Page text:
Philips unveils gaming brand Evnia | hardware

Philips unveils gaming brand Evnia |  hardware

Evnia products want to appear comprehensive and contrast

written by Tom Kauenberg on

Philips Monitor Arm (TP Vision/MMD) has officially revealed the Evnia gaming brand. Under Evnia, the manufacturer aims to provide comprehensive gaming products.

Evenia It will soon launch its first series of monitors, as well as its own gaming mouse, headphone, desk, and mechanical keyboard. Evnia products are divided into three groups: the 7000 series and 8000 series for the best specifications and wireless luxury (above 2.4GHz and Bluetooth) and the 5000 series as a wired medium. The affordable 3000 series of products, for example without RGB lighting and with slightly lower specifications, should follow later.

In the context of sustainability, many Evnia products are made (in part) from recycled materials. This will be the first in the monitor market; The components of the standards are said to be made from recycled materials for the first time.

It’s about Evnia’s first controller 34M2C7600MV34 inch (21:9) curved uwqhd monitor, up to 165 Hz refresh rate. The 8-bit VA panel is backlit by MiniLEDs with 1152 local dimming zones, which achieves DisplayHDR 1400 certification with 1400 nits peak brightness.

The first Evnia has a response time of 2.5 milliseconds (GtG) and should also support unbranded Adaptive Sync. The latter should apply to all subsequent Evnia monitors, though the development team is still looking into possible integrations for AMD’s FreeSync (Premium Pro) and/or Nvidia’s G-Sync.

The Philips Evnia 32M2C7600MV should be available in December with a suggested retail price of 2069 euros.

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It was already shown during the unveiling event, but only later in the timeline are there three alternate screens. For example, the 42M2N8900 is a traditional 42-inch flat OLED display with 4k resolution, with a refresh rate overclocked by Philips of up to 138Hz. By default, the monitor runs at 120Hz, with controller compatibility via HDMI 2.1. An almost TV-like screen has been customized with a suggested retail price of €1959.

The 34M2C8600 also responds with visual luxury, with a curved ultra-wide screen with qd-oled technology behind it. This screen should record up to 175Hz of refreshment, with typical OLED response times of 0.1ms. The suggested retail price is 1,849 euros.

As a less premium product, the first Evnia 5000 screen was also shown during the unveiling event, without the Ambiglow. The Evnia 27M2C5500W meets the needs of the esporter, with a 27-inch QHD curved screen at 240Hz. The core technology here is a VA panel, with a promised 1ms (GtG) response time. The faster screen should officially appear in January, with a suggested retail price of 549 euros.

The back of the Philips Evnia uwqhd monitor.

Unique in the design of Evnia displays, as well as the fixed white housings of 7,000 products, is the presentation of Ambiglow: an adaptation of Philips’ signature Ambilight backlight. By means of bright RGB diodes on the back of the monitor, image colors (or other RGB profiles) can be projected onto the wall behind the monitors.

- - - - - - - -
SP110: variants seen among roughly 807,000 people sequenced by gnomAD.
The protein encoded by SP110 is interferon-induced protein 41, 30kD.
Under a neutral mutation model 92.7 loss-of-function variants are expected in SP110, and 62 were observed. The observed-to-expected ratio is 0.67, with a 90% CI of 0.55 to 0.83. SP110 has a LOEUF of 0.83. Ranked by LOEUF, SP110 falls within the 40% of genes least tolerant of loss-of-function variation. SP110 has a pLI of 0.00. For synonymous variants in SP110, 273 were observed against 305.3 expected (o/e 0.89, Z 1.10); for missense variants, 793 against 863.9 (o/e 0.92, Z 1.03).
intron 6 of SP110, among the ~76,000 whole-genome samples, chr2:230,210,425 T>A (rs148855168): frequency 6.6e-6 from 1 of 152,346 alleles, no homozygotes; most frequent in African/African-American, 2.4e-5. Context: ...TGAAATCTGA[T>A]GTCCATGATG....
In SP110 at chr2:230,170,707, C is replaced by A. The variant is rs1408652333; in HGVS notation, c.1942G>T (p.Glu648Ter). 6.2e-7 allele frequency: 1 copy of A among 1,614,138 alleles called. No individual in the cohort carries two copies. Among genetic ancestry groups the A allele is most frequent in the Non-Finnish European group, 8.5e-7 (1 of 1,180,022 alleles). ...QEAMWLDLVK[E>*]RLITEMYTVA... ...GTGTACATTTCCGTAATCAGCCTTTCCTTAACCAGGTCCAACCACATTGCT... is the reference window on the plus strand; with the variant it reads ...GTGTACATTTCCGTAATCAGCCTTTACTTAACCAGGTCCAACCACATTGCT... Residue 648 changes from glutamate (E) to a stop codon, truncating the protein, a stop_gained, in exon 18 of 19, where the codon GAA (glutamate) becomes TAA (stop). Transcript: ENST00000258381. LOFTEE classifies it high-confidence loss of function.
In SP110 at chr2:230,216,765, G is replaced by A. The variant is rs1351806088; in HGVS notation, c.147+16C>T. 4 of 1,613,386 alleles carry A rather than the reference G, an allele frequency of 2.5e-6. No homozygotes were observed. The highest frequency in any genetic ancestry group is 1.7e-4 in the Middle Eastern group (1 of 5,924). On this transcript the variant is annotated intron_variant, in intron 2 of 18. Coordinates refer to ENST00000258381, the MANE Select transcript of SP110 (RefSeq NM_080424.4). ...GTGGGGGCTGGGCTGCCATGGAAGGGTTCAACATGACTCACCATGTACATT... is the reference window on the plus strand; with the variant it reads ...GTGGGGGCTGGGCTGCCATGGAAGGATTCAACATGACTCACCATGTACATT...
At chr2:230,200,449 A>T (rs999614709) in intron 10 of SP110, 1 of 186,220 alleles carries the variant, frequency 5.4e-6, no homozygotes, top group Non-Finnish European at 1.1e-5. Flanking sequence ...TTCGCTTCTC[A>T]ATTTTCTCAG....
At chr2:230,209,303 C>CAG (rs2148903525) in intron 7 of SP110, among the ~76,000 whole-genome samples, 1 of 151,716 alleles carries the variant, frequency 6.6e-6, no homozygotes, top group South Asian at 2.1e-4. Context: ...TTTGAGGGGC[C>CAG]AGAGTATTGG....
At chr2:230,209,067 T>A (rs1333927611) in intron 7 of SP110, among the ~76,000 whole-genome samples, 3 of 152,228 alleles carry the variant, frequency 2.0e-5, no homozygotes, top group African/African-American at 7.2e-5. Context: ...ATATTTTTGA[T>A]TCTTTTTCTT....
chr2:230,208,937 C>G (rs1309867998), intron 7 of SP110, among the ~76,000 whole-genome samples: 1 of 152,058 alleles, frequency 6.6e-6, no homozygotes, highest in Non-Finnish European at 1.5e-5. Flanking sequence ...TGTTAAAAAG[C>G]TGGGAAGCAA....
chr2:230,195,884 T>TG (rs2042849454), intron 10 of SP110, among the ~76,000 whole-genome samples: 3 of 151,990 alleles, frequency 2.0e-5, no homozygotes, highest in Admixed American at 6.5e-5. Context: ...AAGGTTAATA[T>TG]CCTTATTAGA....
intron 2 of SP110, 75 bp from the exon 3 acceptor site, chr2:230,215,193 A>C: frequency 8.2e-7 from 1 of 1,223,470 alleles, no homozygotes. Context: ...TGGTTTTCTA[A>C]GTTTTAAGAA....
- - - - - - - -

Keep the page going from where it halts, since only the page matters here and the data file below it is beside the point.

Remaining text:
As a distinctive style element, Philips puts an RGB banner on most Evnia products. Monitors, mice, and headphones all display a central light strip, consisting of multiple programmable RGB diodes. In addition, many products consist of polygon-like “planes” (such as the backs of monitors or in the chassis of mice), a design choice designated by the codename “Pixel” at Philips.

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Philips introduces the so-called P-Center as lighting control software (along with Ambiglow and other user settings). P-Center’s personal profiles can also be stored online so that users can retrieve them from anywhere.

Photo of the Philips Evnia 7000 wireless mechanical keyboard.

In terms of its input equipment specifications, Philips is running safe, according to product leader César Acosta. Evnia’s previously revealed mice are powered by the critically acclaimed PixArt optical sensors (currently at 16,000 or 20,000 dpi) and use the Cherry MX keyboard, albeit only ostensibly in the linear version. The Evnia 7000 wireless headphone is promised with 50mm drivers, with DTS Surround support.

More details about Evnia Peripherals are yet to be released. Obviously, the 7000 series of devices can be used stably both wired and wireless, while the 5000 series again blocks wireless. From the images in the presentation, it is clear that the future 3000 series will also remove RGB elements, to further reduce costs.

Philips has yet to mention any price tags for many other products, let alone an accurate roadmap for deploying more of the portfolio. It was announced that Evnia will be collaborating directly with sports athletes, such as Sylvia ‘QueenArrow’ Gathoni and Team Vitality. Team Vitality players will soon be switching entirely to monitors and peripherals from Philips Evnia.

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